• This was oneof the wackier episodes of Mad Men I can recall. After it ended, I sat back andwondered how I was going to break it down on Mad Cast. It was schizophrenic. It was manic. Thatvitamin shot affected different people in different ways. We spend the entireepisode thinking that Don is on a mission to solve the Chevy problem, when inreality, all he is trying to do is win back Sylvia. Maybe “The Crash” isn’t Ken Cosgrove’s “test” drive, or Don & gang coming down from their high, but it’sthe beginning of the end of Don Draper as we know him. Joe and I discuss TheCrash on MadCast, which can be found here https://itunes.apple.com/us/po...

  • alwaysanswerb

    I can't even properly collect my thoughts about this episode, which is probably exactly what the writers were going for. In the midst of some more (heavy-handed, frankly) whore/brothel imagery were some of the funniest scenes of the series. Stan and Cutler racing? Cosgrove's tapping? Cutler (again, he was gold this week) calling Peggy over for some good ol' fashioned voyeurism? The entire X-acto/apple scene, and Don running in circles? I was in hysterics. Amphetamines for all! Even if, as Peggy pointing out, everyone is only faking happiness and creativity, those moments of levity go a long way in breaking the fourth wall and reaching out to viewers, giving us a bit of respite from so many downward spirals.

  • BWeaves

    Comment Diversion: Name the new combined SCDP and CGC company:

    I still like Sterling Cutlery.

    We Whore 4 Cars.

    Adamantine Comp.

    Falling Man Advertising.

  • googergieger

    The B Sharps.

  • toblerone

    SCDPCGC or SCDCC.

    Sterling Cooper Draper Cutler and Chaugh?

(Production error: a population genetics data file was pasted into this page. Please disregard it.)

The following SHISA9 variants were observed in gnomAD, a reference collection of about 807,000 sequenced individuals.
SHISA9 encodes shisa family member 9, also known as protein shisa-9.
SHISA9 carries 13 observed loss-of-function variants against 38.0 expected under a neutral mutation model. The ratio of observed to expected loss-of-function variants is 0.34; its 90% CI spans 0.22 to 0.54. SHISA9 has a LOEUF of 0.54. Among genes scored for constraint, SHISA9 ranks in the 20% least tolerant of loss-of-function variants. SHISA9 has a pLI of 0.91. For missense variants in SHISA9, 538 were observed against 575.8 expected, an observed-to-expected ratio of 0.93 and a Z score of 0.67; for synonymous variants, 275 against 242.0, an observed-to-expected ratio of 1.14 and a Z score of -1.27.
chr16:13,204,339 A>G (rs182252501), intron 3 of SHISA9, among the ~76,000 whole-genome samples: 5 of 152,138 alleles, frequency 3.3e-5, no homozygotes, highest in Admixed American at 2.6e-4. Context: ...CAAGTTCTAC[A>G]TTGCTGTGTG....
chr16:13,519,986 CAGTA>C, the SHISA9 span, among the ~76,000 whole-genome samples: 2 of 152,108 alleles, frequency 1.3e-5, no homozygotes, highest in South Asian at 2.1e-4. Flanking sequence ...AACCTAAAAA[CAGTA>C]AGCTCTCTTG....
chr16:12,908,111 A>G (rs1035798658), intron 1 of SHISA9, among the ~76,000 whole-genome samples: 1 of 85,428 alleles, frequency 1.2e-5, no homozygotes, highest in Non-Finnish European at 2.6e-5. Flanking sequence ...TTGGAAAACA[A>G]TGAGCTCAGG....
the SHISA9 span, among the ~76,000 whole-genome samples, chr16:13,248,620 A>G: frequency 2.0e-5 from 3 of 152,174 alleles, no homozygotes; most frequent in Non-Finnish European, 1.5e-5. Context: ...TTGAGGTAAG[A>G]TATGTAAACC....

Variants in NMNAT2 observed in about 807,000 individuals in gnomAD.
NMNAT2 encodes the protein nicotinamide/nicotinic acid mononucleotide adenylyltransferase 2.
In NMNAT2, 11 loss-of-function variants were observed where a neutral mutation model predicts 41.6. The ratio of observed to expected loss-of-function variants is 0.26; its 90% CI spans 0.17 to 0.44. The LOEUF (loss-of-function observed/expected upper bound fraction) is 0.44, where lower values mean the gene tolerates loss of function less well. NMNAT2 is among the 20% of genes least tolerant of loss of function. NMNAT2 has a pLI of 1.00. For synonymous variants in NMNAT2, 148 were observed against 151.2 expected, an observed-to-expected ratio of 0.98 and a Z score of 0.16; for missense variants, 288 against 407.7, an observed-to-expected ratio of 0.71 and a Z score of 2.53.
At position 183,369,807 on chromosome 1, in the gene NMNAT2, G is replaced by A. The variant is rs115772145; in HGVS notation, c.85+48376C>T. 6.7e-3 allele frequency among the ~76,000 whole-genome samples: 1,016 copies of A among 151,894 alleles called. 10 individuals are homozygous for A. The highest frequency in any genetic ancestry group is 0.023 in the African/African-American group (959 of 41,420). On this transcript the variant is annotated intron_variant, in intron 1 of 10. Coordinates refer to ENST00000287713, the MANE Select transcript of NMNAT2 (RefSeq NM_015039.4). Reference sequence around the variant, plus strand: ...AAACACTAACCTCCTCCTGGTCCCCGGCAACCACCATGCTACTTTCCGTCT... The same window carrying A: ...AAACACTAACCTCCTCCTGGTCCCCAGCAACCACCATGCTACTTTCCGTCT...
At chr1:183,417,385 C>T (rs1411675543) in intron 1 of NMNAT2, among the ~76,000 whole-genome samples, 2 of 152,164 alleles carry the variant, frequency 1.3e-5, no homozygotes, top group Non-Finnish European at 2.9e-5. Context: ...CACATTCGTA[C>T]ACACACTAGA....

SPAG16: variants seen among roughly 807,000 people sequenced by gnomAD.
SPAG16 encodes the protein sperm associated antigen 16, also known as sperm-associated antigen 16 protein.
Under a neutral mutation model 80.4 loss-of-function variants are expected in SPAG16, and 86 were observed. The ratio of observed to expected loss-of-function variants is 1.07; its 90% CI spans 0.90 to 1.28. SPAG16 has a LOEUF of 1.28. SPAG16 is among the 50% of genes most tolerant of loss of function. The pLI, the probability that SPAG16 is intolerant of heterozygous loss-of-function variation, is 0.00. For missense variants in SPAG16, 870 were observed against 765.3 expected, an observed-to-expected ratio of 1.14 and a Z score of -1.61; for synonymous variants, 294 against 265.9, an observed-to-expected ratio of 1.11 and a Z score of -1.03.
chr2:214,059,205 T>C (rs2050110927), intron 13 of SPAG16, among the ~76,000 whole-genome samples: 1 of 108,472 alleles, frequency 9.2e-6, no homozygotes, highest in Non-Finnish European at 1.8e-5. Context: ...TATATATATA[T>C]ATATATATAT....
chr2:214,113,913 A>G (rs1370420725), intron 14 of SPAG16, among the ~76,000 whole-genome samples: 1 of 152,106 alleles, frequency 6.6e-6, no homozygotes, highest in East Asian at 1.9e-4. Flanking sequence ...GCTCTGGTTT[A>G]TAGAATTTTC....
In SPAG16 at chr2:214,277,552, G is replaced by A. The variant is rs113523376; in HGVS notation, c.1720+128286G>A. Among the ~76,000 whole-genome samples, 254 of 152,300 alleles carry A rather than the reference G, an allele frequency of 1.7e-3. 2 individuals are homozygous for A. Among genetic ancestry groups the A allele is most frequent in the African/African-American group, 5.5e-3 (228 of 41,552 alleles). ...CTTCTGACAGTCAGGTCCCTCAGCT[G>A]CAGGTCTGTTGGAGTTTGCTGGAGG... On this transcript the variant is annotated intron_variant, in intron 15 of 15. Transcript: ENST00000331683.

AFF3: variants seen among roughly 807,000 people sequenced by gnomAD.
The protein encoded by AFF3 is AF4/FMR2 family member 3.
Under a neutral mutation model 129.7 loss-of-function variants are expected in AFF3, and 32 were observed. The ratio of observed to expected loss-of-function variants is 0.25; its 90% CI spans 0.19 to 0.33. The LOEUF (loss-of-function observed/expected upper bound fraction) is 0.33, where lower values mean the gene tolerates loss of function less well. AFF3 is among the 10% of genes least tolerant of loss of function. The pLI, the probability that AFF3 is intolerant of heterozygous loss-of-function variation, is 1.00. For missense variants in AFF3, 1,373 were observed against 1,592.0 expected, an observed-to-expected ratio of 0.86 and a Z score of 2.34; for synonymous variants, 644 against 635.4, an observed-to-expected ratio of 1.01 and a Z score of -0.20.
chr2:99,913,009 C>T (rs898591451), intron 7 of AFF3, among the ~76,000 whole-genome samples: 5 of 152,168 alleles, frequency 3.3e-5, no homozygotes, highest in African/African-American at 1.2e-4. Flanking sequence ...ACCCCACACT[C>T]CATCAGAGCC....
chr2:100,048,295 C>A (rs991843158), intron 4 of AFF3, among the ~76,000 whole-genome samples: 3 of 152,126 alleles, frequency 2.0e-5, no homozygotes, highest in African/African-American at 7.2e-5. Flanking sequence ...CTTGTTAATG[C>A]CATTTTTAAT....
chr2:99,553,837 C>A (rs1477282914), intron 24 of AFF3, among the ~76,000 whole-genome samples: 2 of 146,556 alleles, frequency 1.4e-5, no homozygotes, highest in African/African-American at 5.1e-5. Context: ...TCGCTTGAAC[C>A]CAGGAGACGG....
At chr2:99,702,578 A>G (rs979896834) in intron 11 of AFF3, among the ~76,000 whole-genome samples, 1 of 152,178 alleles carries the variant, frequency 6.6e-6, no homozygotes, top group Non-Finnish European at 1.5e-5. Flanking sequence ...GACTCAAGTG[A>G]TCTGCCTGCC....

Drop the dead men.

  • prestocaro

    DrapaChoughSter. Rolls of the toungue, no? Drapachaouster. Draaaapachaouhgughster...

  • alwaysanswerb

    I want Roger and Jim to hang out and be BFFs always 5ever.

  • MissAmynae

    5ever is a good name for the new company.

  • BWeaves

    What the fuck was that?

    1. Whoever was shipping Stan and Peggy last week, you got your wish. I thought their kiss was kinda hot, but I also think it was right for Peggy to say she thinks of Stan like a brother. I find it interesting that Peggy doesn't seem to mind having passes made at her by coworkers (Pete, Ted, Stan).

    2. Don kept talking about a soup ad, but when he finally found it, it was an oatmeal ad. I don't think he really knew how it was supposed to solve everything.

    3. Since Don hadn't been home in days, I think it was Megan who left the back door open for "Hattie McDaniel: Cat Burglar." Thank you, PaddyDog. That still cracks me up. Anyway, that storyline was damn creepy and racist. It really bothers me.

    4. This was the episode where I finally realized that Cutler is Harry Hamlin. I still don't recognize him.

    5. What was Ginsberg throwing? X-acto knives? Are we sure he was the only sober one?

    6. "Every time we get a car this place turns into a whorehouse." It's a good thing Joan wasn't in this episode to hear that.

    7. I was hoping for Cosgrove to have something more to do, and they give us this? An accident and tap dancing? Really?

    8. Sally is getting so grown up. But Megan really doesn't know what to do? HIRE A BABYSITTER. Geez, you people are rich. You can afford it.

  • Three_nineteen

    How old is Sally supposed to be? I took a babysitting course at 12 and was babysitting "professionally" (non-relatives) at 14.

  • toblerone

    YUP.

    6. "Every time we get a car this place turns into a whorehouse." It's a good thing Joan wasn't in this episode to hear that.

    Where was Joan? With the new guy? Where was Bert? I also don't get why SCDPCGC. only got the Vega? Why would Chevy not give it to the agency that does all of their cars?

    How did they get it in the first place if Chevy has a 3 year turn around time for approvals for 1 car?

  • chump

    Because it's actually perfectly normal for people to make passes at each other perhaps?

    I bet you get upset when ugly guys look at girls' breasts when they wear a low cut top.

  • BBB40

    2. Don wasn't working on Chevy, he was working on getting Sylvia to listen to him.

  • Peggy was sober in the beginning but got drunk once she came back from the funeral.

  • alwaysanswerb

    Haha, I literally squealed! I wouldn't have expected it to go down any differently. Peggy knew what Stan was all about in that moment and she knew it wasn't right, but she still didn't completely hate it either!

  • Clitty Magoo